For the September 30 session, we will discuss a new report that reviews 20 years of physical activity in the United States. Overall, adults are more physically active than they were 20 years ago. Yet important differences exist among some racial groups, across income levels, and among people with chronic health conditions. We'll also discuss what can be done to improve physical activity for everyone.
Submit Job Openings and Future Events to be Listed
on and in the CLOCC Newsletter
Connect with CLOCC's network of nearly 3,000 childhood obesity prevention advocates by listing your organization's upcoming events or current job openings on the Consortium's website. Upon submission, postings will be approved by CLOCC staff; events and careers applicable to the CLOCC network may also be featured in this newsletter. If you have questions or are not able to access the webpage, contact CLOCC will not publish for-profit services or events, or products for sale.
Click here, or the image above, to view the latest job opportunities in obesity prevention and public health. Are you looking to fill an opening? Submit your listing using the button below.
Click here, or the image above, to view upcoming events targeted for child health and obesity prevention, as well events hosted by local partners. Submit your own event using the button below.
CLOCC focuses upstream to identify the fundamental root causes of obesity, and to broaden the scope of our obesity prevention strategies. This work draws from local and national attention to health equity and social influencers of health, such as immigration, education, poverty and racism, all of which have an impact on people's ability to eat healthy and be active where they live, work, learn, and play. If you have comments or questions about this focus, we invite you to reach out to

As our public health community responds collectively to the Coronavirus (COVID-19) outbreak, CLOCC will work to provide partners with timely, useful information to help leaders, organizations and families. Suggestions for this newsletter feature can be forwarded to
For questions related to testing criteria and general information about COVID-19 and children, please contact the COVID-19 Call Center at Ann & Robert H. Lurie Children's Hospital at 312.227.5300. The Call Center is staffed by Lurie Children’s nurses and is available Monday through Friday, 8:00 AM to 5:00 PM CT, and Saturday, 8:00 AM to 1:00 PM CT.



  • Today, more than ever, it is important to keep one's body and mind, active and healthy. Through the efforts of the staff of the Chicago Park District, who focus on keeping Chicagoans active all year-long, a collection of activities is offered to help Chicago families stay active at home at your leisure.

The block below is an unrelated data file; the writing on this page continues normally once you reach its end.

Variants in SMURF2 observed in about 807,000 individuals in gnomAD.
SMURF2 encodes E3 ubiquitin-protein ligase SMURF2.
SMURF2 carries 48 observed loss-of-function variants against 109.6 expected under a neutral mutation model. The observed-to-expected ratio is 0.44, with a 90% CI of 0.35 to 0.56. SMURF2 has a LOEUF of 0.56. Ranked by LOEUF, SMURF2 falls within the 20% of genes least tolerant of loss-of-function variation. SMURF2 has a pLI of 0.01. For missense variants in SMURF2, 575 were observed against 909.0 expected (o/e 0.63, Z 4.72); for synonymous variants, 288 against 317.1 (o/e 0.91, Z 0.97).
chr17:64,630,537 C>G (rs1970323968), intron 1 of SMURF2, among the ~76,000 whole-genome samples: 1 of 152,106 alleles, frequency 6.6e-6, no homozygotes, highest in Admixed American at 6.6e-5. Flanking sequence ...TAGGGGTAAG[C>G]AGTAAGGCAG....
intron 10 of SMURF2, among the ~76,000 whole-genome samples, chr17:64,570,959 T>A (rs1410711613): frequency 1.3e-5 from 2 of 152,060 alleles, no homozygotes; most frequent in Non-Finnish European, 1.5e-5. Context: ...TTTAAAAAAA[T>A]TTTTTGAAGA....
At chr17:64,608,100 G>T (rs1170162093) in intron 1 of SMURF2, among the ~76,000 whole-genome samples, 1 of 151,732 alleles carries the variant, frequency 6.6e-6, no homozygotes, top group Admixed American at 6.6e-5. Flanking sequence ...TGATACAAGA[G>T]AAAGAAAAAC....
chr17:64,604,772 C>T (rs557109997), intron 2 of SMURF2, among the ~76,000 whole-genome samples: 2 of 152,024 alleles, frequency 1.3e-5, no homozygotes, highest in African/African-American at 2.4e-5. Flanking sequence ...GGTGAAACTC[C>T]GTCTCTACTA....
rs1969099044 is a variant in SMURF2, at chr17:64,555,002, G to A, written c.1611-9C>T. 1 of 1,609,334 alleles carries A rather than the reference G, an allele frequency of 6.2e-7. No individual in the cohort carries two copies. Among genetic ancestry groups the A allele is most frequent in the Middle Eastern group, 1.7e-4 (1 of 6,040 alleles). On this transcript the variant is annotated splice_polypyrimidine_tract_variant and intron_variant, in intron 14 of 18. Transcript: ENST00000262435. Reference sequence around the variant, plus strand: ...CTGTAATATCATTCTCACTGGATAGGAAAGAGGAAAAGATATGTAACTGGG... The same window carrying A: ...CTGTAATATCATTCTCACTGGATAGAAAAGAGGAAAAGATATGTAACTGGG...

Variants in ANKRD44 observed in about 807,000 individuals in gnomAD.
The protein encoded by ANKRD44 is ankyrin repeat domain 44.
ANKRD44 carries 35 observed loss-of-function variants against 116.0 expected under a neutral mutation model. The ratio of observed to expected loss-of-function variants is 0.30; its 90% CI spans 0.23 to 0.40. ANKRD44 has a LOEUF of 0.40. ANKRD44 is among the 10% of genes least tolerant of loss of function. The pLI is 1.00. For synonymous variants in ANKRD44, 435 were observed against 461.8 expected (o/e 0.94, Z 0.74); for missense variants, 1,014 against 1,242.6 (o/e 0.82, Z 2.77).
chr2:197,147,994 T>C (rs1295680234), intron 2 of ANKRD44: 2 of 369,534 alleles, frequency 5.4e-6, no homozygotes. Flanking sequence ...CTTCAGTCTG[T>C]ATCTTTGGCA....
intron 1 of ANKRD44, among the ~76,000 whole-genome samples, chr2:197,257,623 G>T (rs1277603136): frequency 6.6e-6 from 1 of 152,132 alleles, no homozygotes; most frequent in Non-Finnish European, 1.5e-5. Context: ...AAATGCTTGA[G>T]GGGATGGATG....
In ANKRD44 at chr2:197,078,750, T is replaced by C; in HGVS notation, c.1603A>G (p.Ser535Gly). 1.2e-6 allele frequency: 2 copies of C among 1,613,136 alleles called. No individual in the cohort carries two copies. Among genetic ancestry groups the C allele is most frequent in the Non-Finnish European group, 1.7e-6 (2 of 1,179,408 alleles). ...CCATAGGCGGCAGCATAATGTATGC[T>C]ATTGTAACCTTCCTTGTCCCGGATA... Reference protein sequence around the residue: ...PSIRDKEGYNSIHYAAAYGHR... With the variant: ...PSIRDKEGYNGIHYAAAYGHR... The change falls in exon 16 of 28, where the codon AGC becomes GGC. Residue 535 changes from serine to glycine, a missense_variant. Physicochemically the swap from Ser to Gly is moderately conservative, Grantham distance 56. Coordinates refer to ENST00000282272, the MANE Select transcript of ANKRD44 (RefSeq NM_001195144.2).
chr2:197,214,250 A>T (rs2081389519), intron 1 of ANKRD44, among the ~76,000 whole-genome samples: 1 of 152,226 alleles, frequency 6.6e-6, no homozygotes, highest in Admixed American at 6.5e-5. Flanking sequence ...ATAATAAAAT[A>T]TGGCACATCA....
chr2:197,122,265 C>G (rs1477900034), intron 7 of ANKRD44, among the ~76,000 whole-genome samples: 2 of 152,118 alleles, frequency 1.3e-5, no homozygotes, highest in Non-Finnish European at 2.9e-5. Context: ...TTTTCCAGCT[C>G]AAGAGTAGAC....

• CLOCC has introduced "CLOCC Healthy at Home for Chicago Public Schools" a free, comprehensive collection of resources to assist teachers, staff and Healthy CPS partners provide kids and families with knowledge and resources to assist with schooling at home during the pandemic.

The COVID-19 pandemic has made it clear that parks and green spaces are a vital part of a healthy community. Yet, due to systemic racism, parks are still not enjoyed evenly. A 2020 study found that parks serving communities of color are—on average—half the size of parks located in majority-white communities and five times as crowded. The unequal distribution and investment in parks—and the unjust experiences that many people of color have in the outdoors—can be righted.

RWJF is currently seeking letters of interest from community-based organizations and base-building groups working to increase park equity and advance racial justice through local policy and systems change in urban, low-income communities of color across the nation. This effort is part of People, Parks, and Power, a joint initiative with the Doris Duke Charitable Foundation led and managed by Prevention Institute. Learn more about eligibility and selection criteria here.

Join us on September 29, 2021 for an applicant webinar to learn what we're looking for and hear answers to frequently asked questions.
The Community Change Grant program supports the growing network of advocates, organizations, and agencies working to advance walkability. Grants are awarded to innovative, engaging, and inclusive programs and projects that create change and opportunity for walking and movement at the community level. Applications for grants open in the fall and are awarded for the full calendar year following. The number of grants awarded varies each year, depending on available funds. Applications will be accepted through Thursday, September 30th at 9:00 PM CT.
  • 5-4-3-2-1 Go!
  • fiveSMART